- Sear means dried up.
An example of sear used as an adjective is in the phrase "sear plants" which means plants that have dried up and died.
- The definition of a sear is a scar from burning, browning or drying up, or the catch in a gunlock.
- An example of a sear is a mark on a piece of meat from cooking.
- An example of a sear is part of a gun that keeps the hammer partially or fully-cocked.
- To sear is defined as to dry up, burn or quickly brown meat.
An example of to sear is to quickly brown a piece of salmon on the stove.
Pieces of seared tuna.Licensed from iStockPhoto
Origin: Middle English seer from Old English sear, dry from Indo-European base an unverified form saus from source Sanskrit úṣyati, (he) dries, withers, Classical Latin sudus, dry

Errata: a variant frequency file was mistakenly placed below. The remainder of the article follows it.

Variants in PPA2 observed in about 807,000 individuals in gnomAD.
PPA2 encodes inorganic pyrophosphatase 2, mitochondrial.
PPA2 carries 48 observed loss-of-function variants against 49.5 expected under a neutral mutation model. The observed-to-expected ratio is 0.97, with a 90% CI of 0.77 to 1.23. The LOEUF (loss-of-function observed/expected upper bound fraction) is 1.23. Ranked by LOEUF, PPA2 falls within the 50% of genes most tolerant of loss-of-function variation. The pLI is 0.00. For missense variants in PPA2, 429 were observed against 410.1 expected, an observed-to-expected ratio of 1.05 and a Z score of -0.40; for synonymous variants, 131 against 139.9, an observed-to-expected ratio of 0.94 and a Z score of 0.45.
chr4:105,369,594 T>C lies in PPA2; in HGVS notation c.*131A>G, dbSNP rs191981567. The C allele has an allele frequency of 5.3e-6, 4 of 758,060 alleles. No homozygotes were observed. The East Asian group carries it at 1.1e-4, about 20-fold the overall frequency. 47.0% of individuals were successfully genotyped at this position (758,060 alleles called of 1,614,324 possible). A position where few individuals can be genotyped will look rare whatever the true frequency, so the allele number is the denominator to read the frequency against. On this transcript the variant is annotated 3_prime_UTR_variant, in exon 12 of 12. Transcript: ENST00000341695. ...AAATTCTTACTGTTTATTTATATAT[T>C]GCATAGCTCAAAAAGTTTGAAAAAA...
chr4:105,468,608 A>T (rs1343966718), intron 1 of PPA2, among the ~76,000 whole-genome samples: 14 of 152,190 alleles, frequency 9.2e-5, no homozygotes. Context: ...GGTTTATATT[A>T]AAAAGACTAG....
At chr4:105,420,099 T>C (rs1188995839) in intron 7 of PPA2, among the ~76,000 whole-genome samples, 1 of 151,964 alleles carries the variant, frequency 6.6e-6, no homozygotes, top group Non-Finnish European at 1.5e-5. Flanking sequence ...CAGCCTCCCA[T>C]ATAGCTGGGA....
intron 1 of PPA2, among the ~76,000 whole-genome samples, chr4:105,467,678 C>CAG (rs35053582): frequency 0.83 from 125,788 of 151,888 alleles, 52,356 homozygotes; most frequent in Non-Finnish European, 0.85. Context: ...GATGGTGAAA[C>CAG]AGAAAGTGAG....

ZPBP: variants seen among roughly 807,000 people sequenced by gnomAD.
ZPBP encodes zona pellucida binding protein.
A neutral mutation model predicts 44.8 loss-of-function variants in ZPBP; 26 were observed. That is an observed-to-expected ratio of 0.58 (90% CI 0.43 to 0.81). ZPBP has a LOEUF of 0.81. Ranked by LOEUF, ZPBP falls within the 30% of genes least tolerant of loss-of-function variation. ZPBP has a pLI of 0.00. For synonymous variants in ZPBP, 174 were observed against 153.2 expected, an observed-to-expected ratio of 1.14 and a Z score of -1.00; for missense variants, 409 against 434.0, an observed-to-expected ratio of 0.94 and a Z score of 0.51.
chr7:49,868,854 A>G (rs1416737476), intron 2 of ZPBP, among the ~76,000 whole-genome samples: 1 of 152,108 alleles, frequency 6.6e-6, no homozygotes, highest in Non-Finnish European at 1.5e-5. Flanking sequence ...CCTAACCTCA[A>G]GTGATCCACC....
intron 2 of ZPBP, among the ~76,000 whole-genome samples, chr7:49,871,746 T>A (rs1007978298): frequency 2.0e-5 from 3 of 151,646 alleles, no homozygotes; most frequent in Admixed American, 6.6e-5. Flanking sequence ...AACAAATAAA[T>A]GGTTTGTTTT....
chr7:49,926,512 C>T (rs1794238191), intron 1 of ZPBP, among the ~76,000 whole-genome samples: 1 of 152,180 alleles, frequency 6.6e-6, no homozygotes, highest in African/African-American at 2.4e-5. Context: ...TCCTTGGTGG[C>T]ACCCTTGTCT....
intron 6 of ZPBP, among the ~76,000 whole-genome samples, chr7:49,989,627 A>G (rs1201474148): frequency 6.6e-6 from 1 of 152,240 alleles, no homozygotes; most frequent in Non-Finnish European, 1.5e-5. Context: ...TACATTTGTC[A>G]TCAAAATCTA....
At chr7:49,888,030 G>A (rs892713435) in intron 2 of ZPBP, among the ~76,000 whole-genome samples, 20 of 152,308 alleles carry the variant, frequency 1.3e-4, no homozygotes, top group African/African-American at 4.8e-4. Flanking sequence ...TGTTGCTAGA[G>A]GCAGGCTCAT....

- to dry up; wither
- to scorch or burn the surface of
- to brown (meat) quickly at high heat
- to brand or cauterize with a hot iron
- to make callous or unfeeling; harden
- to cause to quail or feel humiliated, as by a scornful glance
Origin: ME seeren < OE searian < the adj.
Origin: from Middle French serre, a bolt from Old French serrer, to close, press from Vulgar Latin an unverified form serrare, altered (infl. by Classical Latin serrare, to saw) from Late Latin serare, to bolt, bar from Classical Latin sera, a bar, bolt
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verb seared, sear·ing, sears verb, transitive
- To char, scorch, or burn the surface of with or as if with a hot instrument. See Synonyms at burn1.
- To cause to dry up and wither.
Origin: Middle English seren, from Old English sēarian, to wither, from sēar, withered.
Origin: Probably French serre, something that grasps, from Old French, lock, from serrer, to grasp, from Vulgar Latin *serrāre, from Late Latin serāre, to bolt, from Latin sera, bar, bolt; see ser-2 in Indo-European roots.